DALLAS – A federal judge has detained Bilal Abood, saying he is a possible flight risk and safety threat to the public.
Abood was in federal court on Friday morning for a probable cause hearing.
The heart of the criminal case against Abood, 37, is a tweet.
The Iraqi native who now lives in Mesquite said he does not support the terrorist group ISIS.
But the FBI alleges that is not what he posted to Twitter.
"You could go to prison for a tweet," said Richard Roper, the former U.S. Attorney for the Northern District of Texas.
In a seven page criminal complaint that Roper reviewed for News 8, the FBI charged Abood with lying to agents.
But when Abood returned, the FBI questioned him again and seized his computer. The federal complaint said agents discovered that Abood tweeted: "I pledge obedience to the Caliphate Abu Bakr al-Baghdadi."
That's the leader of ISIS – the man that agents said Abood denied to them that he supported.
"That's the heart of their case - that false statement," Roper continued.
In federal court Friday, the government said Abood poses a threat just sitting at home on his computer. Prosecutors showed pictures, a song and a video of what they call pro-ISIS propaganda -- all found on Abood's computer.
They say he shared the video with others, showing an ability to recruit ISIS followers.
Abood's attorney argued that anyone has access to that material if they know where to look on the Internet.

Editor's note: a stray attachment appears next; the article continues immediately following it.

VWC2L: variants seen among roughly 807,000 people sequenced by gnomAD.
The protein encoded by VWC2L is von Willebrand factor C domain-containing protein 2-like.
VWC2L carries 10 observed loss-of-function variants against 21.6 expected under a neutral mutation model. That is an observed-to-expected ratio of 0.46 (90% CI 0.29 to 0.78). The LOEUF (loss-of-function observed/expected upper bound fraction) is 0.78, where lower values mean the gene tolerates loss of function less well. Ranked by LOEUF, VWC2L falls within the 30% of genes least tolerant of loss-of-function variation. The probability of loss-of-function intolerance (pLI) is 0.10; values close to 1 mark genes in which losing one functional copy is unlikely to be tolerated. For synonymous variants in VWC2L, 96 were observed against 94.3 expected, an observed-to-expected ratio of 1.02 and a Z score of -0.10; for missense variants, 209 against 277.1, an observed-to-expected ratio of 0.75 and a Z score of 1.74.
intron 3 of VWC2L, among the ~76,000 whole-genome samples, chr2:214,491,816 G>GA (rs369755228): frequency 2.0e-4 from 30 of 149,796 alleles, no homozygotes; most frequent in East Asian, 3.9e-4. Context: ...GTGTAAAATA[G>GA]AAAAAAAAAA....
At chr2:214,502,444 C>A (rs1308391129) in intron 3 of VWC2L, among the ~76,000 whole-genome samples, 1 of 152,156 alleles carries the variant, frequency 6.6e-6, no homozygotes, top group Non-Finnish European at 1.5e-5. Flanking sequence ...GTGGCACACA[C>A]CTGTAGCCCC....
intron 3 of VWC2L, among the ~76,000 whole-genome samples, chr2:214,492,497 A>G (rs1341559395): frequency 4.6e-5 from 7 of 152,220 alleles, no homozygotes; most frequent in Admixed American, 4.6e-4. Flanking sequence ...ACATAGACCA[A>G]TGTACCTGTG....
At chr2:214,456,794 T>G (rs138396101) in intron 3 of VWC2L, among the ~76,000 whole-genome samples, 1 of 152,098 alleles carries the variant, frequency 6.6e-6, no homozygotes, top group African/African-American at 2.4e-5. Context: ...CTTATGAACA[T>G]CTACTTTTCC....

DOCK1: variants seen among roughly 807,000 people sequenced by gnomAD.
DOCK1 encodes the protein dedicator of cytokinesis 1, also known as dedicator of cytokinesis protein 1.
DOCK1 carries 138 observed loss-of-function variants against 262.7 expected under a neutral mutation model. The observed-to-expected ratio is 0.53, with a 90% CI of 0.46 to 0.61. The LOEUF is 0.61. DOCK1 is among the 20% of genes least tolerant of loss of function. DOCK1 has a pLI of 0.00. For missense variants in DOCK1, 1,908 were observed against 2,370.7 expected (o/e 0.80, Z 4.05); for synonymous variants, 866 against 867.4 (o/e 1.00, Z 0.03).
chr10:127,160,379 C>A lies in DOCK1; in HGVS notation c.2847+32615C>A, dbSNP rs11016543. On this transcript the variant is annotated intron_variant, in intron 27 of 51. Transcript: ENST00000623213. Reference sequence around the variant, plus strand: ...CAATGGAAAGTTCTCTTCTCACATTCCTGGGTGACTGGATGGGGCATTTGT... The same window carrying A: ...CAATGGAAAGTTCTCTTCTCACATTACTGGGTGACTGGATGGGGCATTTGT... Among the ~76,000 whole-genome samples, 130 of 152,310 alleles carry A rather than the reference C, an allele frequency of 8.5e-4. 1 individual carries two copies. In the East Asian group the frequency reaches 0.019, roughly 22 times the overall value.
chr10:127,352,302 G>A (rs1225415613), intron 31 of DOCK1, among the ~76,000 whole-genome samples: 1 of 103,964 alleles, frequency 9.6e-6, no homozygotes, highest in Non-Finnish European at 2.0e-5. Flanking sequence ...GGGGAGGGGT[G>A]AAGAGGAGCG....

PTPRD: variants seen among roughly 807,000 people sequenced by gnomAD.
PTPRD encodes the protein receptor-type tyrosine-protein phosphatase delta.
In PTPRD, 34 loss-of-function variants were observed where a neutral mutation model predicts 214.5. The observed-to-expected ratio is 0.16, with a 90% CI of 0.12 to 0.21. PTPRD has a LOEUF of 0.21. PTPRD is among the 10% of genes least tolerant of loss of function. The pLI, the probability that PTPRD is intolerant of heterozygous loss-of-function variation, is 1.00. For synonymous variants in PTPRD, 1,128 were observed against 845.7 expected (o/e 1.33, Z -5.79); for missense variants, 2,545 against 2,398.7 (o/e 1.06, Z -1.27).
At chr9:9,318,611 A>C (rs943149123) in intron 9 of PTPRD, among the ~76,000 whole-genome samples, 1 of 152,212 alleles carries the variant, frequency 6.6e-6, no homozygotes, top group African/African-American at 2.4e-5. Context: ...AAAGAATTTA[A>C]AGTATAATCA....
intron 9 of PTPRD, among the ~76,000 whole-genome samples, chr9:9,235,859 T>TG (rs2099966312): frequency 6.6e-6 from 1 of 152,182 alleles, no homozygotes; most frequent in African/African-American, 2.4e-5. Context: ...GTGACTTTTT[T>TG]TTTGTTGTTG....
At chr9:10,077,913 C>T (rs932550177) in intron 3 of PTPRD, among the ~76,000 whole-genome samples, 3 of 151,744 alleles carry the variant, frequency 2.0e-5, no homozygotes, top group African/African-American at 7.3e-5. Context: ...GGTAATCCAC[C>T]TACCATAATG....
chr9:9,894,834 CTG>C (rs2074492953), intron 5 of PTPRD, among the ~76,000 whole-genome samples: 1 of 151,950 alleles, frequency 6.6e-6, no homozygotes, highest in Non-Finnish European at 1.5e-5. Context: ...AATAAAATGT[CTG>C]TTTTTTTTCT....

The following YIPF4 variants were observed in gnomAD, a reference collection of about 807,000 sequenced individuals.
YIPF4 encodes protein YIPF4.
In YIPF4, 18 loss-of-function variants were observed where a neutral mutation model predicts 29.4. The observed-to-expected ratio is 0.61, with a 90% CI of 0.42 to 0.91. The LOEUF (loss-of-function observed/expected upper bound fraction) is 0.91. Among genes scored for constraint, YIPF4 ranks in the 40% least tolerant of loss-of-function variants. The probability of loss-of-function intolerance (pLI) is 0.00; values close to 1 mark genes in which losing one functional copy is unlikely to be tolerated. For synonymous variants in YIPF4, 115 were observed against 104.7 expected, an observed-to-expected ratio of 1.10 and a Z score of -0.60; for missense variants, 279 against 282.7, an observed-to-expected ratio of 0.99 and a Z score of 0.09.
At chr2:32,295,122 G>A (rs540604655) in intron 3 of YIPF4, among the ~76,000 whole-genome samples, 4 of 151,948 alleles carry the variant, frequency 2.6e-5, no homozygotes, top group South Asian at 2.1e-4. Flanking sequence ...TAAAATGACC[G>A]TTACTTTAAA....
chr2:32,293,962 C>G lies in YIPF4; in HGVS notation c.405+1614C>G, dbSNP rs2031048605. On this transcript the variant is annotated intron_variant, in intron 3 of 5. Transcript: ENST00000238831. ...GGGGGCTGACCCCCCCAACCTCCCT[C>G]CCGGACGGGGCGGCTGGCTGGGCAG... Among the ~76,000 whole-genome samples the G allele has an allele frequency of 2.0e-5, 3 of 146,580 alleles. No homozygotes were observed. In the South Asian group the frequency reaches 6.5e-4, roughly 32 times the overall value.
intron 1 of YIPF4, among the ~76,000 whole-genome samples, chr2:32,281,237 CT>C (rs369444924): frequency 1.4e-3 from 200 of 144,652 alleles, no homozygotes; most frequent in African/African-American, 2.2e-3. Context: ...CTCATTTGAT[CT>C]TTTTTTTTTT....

FBI Special Agent John Brown took the stand and said Abood told a witness, "The United States is the enemy of God."
Brown also confirmed Abood served as a translator for the U.S. Army in Iraq, and was able to get dual citizenship and immigrate to the U.S. afterward.
He has lived in Mesquite since 2009.
Abood has had basic U.S. Army training, and has served as a private security guard, which could help Abood carry out an attack in the U.S., said Brown.
Abood was on the TSA's "No-Fly List" in 2013 when federal agents stopped him at DFW International Airport. He admitted he wanted to fly to Syria to fight against President Bashar Assad's brutal regime.
Agents say he later flew there by way of Mexico. When he returned, the FBI questioned him and seized his computer.
Prosecutors said Abood is a flight risk because he has no real ties to the area. He has not held a job for two years, and his family is in Iraq. He lives with his girlfriend at her Mesquite home; the two met online several years ago.
"They probably wanted to pick him up, get him off the streets. Get him into custody before something happens," said former assistant U.S. attorney Jon Helms. "Probably, what they're really looking at is if they provided material support to terrorists."
There remains no evidence to suggest the Mesquite man had anything to do with terrorism.
"I think he was concerned about how the FBI was treating him in his words. I think he felt like they were trying to get him to do things and say things he wasn't comfortable with," said David Schechter, a senior reporter at WFAA.
Abood reached out to Schechter last year wanting to share his story. But after numerous conversations, he backed out of an interview.
"In the end I think he was fearful that if he said something it would make things worse for him," added Schechter.
"I think it would be a reasonable guess to say that in light of what happened in Garland, they didn't want to wait around and they wanted to move quickly, especially with someone pledging allegiance to ISIS in this area," Helms said.
Why he so quickly lost trust in the U.S. government remains a mystery.
Lying to the FBI is punishable by up to five years in prison and a $250,000 fine.
In his initial appearance Thursday afternoon, Abood appeared nervous and worried and asked the judge for a Muslim attorney because he said he was afraid of the FBI.